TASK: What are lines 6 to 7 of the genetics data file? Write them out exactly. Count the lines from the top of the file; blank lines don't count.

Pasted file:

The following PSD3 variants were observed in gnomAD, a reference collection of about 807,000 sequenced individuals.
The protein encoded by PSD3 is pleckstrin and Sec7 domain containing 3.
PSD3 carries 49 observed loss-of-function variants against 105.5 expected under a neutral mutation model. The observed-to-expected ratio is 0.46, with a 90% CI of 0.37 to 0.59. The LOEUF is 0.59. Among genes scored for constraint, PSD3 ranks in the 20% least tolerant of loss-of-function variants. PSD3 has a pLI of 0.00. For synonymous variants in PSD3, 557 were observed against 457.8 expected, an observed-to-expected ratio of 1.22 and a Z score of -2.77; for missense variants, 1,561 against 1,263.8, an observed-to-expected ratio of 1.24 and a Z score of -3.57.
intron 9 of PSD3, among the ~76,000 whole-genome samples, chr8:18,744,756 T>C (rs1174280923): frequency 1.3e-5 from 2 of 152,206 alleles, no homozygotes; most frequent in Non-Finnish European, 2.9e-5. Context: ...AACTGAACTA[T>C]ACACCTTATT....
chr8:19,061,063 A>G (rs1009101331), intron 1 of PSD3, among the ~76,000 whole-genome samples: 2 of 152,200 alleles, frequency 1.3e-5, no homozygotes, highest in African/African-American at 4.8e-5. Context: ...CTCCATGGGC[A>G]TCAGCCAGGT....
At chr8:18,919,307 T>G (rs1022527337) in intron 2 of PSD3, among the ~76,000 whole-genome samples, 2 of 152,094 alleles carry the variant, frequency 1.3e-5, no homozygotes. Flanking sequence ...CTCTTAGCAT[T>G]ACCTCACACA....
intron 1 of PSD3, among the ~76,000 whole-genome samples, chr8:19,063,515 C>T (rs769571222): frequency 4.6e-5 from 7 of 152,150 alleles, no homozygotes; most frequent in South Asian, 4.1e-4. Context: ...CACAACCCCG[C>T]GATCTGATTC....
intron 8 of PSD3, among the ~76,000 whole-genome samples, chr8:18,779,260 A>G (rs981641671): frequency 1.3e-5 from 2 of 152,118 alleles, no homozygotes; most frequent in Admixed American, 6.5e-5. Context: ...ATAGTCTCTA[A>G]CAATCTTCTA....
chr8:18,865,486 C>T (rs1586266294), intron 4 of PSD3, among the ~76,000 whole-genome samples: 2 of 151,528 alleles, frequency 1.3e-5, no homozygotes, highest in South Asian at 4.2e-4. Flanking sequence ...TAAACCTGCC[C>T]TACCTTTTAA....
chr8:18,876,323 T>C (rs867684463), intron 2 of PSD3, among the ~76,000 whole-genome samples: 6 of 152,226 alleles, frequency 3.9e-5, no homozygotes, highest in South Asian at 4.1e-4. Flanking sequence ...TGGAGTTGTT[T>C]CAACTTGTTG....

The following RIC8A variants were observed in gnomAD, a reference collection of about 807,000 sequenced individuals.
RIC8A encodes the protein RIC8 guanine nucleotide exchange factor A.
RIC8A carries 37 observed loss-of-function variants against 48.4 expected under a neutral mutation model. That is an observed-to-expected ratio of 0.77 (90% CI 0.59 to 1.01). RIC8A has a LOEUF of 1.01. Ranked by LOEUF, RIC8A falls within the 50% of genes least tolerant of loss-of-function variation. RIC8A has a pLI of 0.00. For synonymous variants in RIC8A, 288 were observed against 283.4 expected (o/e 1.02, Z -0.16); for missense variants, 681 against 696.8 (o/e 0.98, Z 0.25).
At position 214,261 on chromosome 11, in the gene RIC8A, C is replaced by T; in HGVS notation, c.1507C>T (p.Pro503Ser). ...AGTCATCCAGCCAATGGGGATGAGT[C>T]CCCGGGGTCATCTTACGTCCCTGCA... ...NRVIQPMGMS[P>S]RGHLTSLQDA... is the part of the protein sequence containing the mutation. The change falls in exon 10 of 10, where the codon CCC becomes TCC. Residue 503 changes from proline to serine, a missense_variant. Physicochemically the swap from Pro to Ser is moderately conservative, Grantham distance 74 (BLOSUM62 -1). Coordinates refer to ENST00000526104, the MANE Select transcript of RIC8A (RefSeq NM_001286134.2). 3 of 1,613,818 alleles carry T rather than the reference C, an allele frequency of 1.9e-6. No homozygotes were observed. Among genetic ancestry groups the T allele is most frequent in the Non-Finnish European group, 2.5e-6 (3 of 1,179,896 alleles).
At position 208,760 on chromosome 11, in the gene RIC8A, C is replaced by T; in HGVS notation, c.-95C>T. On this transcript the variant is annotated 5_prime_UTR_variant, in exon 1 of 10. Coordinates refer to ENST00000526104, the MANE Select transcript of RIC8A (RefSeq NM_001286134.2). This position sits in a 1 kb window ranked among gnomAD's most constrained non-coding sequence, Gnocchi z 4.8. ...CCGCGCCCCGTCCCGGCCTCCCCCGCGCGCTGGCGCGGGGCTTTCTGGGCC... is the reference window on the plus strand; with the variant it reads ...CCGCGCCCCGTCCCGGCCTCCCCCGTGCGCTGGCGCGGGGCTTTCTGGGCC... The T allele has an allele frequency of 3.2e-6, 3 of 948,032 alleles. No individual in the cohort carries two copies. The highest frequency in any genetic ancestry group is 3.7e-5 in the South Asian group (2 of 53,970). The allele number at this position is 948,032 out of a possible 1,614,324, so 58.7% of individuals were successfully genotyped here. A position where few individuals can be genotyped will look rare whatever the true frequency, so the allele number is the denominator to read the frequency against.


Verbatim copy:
At chr8:18,919,307 T>G (rs1022527337) in intron 2 of PSD3, among the ~76,000 whole-genome samples, 2 of 152,094 alleles carry the variant, frequency 1.3e-5, no homozygotes. Flanking sequence ...CTCTTAGCAT[T>G]ACCTCACACA....
intron 1 of PSD3, among the ~76,000 whole-genome samples, chr8:19,063,515 C>T (rs769571222): frequency 4.6e-5 from 7 of 152,150 alleles, no homozygotes; most frequent in South Asian, 4.1e-4. Context: ...CACAACCCCG[C>T]GATCTGATTC....